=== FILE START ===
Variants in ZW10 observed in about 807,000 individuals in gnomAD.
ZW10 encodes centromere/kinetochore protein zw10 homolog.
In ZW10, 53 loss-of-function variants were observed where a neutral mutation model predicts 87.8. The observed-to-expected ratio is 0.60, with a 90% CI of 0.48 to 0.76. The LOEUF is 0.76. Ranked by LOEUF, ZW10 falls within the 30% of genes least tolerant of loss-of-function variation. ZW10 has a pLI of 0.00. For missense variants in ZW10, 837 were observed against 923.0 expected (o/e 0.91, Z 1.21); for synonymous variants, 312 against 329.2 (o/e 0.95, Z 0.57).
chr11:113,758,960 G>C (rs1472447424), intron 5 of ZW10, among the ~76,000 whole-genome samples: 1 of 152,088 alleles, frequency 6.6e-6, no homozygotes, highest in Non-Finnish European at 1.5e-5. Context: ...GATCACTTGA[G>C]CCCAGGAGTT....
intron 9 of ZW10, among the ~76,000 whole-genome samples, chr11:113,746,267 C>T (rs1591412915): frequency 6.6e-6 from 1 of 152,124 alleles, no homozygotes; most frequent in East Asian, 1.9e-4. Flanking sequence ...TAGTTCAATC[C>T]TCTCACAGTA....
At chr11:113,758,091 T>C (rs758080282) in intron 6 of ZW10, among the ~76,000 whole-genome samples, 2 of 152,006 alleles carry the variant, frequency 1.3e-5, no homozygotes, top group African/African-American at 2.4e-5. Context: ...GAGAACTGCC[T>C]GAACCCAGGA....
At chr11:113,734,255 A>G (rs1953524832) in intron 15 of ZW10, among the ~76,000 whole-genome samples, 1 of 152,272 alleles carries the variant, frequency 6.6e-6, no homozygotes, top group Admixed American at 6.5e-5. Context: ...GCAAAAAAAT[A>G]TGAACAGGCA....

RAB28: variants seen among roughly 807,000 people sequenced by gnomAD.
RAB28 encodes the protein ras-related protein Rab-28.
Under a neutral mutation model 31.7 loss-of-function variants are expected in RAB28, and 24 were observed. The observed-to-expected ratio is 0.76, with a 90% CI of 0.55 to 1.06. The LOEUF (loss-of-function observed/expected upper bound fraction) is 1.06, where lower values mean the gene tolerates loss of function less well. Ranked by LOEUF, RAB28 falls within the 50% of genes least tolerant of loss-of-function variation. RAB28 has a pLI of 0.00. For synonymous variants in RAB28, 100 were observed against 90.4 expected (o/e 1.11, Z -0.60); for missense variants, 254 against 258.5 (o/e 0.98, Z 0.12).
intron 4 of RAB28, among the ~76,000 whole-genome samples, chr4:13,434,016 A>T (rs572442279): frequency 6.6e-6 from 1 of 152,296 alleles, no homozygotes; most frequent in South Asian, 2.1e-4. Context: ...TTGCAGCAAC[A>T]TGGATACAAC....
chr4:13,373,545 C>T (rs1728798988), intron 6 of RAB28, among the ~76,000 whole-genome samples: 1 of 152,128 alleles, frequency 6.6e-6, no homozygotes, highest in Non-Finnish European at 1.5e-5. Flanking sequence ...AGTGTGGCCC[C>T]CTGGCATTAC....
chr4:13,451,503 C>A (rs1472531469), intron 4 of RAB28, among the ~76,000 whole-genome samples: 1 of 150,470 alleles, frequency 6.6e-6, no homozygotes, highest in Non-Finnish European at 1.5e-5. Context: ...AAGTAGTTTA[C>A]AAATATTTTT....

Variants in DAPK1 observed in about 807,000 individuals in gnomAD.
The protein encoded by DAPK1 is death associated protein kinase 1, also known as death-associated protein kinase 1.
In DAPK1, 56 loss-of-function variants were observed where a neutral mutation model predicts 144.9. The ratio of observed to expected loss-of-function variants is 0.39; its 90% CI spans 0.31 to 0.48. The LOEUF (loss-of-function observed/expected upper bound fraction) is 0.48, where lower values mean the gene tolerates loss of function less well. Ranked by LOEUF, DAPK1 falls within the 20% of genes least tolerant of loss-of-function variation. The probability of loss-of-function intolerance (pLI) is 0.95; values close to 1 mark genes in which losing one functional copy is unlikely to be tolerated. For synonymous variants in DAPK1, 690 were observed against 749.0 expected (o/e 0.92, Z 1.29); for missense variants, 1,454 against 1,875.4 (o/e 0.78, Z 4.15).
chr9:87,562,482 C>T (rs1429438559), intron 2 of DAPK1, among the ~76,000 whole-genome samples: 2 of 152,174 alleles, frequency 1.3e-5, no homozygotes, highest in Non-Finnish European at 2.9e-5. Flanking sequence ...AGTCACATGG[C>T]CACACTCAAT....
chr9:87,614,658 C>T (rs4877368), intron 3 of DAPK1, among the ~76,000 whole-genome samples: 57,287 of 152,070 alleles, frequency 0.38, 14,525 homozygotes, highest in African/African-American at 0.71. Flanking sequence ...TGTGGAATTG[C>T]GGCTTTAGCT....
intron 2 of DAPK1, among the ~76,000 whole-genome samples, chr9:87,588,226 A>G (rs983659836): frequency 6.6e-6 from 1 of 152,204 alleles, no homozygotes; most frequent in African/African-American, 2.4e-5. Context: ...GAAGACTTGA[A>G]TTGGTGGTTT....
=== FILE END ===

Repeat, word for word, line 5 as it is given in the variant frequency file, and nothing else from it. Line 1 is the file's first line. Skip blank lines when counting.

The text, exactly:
intron 9 of ZW10, among the ~76,000 whole-genome samples, chr11:113,746,267 C>T (rs1591412915): frequency 6.6e-6 from 1 of 152,124 alleles, no homozygotes; most frequent in East Asian, 1.9e-4. Flanking sequence ...TAGTTCAATC[C>T]TCTCACAGTA....